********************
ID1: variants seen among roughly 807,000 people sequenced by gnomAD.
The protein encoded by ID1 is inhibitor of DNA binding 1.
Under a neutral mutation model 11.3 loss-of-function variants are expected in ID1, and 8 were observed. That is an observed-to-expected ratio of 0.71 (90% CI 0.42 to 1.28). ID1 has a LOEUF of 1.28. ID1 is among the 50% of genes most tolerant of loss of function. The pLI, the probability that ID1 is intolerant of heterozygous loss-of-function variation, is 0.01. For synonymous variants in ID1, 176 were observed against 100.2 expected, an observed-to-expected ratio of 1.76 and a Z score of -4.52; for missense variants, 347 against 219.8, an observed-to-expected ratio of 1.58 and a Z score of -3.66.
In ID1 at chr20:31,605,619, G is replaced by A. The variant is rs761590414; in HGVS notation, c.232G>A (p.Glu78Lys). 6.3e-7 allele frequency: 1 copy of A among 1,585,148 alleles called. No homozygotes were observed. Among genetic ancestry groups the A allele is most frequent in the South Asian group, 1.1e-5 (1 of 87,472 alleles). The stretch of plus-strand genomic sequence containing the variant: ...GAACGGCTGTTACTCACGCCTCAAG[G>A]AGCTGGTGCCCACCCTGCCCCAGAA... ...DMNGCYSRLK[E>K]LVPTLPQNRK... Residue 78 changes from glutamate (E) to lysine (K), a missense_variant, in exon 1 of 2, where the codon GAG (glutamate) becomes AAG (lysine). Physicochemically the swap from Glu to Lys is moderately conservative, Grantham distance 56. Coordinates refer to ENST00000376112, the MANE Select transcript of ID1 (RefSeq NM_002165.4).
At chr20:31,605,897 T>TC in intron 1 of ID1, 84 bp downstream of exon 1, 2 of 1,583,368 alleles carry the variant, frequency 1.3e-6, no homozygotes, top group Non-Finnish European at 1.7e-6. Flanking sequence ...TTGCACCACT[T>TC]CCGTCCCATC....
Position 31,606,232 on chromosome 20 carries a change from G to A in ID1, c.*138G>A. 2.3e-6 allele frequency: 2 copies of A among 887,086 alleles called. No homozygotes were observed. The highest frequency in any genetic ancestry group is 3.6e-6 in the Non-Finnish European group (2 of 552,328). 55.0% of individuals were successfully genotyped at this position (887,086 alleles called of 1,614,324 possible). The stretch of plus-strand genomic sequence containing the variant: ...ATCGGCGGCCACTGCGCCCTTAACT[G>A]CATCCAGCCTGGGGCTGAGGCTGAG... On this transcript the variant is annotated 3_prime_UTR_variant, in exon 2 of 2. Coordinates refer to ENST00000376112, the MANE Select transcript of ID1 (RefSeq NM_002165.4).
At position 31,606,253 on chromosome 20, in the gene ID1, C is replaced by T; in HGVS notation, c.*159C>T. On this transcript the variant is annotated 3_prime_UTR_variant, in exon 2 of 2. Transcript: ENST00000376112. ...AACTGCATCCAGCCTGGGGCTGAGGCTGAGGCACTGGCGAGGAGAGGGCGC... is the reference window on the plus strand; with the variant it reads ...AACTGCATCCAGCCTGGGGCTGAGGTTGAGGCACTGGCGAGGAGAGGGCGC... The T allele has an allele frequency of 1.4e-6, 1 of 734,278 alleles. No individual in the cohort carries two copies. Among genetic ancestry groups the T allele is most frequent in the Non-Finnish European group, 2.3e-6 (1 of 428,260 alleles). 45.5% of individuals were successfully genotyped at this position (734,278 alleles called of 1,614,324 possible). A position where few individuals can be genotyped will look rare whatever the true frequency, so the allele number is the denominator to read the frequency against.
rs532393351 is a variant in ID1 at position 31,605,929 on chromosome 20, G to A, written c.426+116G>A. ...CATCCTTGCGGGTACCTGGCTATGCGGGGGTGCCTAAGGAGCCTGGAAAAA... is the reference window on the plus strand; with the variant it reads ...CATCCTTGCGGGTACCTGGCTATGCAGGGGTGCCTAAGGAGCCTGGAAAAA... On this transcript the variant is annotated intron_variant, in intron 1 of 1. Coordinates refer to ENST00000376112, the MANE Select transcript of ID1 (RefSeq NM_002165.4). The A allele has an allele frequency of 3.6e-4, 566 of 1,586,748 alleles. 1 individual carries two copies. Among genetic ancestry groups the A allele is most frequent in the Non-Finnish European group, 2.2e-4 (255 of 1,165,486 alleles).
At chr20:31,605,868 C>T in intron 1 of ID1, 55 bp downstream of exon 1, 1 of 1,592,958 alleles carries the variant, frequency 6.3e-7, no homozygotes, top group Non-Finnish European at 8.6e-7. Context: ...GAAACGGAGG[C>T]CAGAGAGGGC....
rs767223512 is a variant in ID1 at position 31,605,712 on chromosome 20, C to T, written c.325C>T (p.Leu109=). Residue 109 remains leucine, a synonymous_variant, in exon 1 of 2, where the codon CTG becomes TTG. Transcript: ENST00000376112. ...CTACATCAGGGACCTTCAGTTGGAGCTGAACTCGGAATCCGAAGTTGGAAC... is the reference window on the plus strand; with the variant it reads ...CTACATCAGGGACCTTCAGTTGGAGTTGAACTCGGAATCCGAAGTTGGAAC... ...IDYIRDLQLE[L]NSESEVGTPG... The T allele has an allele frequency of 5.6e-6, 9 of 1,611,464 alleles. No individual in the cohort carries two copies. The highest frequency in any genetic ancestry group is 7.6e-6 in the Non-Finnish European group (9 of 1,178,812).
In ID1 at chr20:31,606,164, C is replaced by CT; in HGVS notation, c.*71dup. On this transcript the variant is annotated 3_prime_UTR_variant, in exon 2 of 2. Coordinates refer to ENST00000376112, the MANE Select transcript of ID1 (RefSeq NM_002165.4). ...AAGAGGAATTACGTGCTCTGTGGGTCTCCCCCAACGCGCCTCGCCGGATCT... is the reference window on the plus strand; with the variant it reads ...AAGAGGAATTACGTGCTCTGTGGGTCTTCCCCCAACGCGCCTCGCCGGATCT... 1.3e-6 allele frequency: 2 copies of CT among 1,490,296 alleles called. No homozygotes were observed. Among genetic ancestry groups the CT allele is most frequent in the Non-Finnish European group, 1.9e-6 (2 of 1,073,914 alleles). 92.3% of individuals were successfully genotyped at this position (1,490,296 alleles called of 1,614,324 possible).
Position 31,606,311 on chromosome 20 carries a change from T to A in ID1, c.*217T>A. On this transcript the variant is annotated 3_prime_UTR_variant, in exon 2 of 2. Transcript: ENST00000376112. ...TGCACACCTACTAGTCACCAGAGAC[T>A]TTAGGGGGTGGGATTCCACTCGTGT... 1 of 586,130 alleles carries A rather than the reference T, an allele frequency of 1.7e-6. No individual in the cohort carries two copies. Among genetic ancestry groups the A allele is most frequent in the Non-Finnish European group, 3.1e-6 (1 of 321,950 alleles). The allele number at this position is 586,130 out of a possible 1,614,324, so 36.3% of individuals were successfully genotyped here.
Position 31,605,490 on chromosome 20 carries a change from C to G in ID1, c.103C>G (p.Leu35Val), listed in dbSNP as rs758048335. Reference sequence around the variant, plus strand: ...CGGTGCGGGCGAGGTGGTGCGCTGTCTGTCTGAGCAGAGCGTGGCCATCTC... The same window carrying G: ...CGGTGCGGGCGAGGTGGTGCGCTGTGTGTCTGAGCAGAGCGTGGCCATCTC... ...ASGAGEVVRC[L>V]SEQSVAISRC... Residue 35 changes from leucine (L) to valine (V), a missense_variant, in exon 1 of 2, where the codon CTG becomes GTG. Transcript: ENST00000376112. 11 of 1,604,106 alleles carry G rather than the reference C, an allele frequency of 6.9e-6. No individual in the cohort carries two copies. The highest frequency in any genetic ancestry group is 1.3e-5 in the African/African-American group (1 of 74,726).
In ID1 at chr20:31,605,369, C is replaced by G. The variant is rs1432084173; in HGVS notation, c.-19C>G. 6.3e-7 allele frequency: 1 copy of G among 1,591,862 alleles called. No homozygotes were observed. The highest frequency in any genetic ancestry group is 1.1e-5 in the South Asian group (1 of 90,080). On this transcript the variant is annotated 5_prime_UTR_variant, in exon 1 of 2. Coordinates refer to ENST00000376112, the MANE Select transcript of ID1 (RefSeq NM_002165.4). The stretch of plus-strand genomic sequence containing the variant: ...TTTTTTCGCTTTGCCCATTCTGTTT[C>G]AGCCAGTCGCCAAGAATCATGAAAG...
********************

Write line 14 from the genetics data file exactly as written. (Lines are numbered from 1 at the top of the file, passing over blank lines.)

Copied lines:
In ID1 at chr20:31,605,369, C is replaced by G. The variant is rs1432084173; in HGVS notation, c.-19C>G. 6.3e-7 allele frequency: 1 copy of G among 1,591,862 alleles called. No homozygotes were observed. The highest frequency in any genetic ancestry group is 1.1e-5 in the South Asian group (1 of 90,080). On this transcript the variant is annotated 5_prime_UTR_variant, in exon 1 of 2. Coordinates refer to ENST00000376112, the MANE Select transcript of ID1 (RefSeq NM_002165.4). The stretch of plus-strand genomic sequence containing the variant: ...TTTTTTCGCTTTGCCCATTCTGTTT[C>G]AGCCAGTCGCCAAGAATCATGAAAG...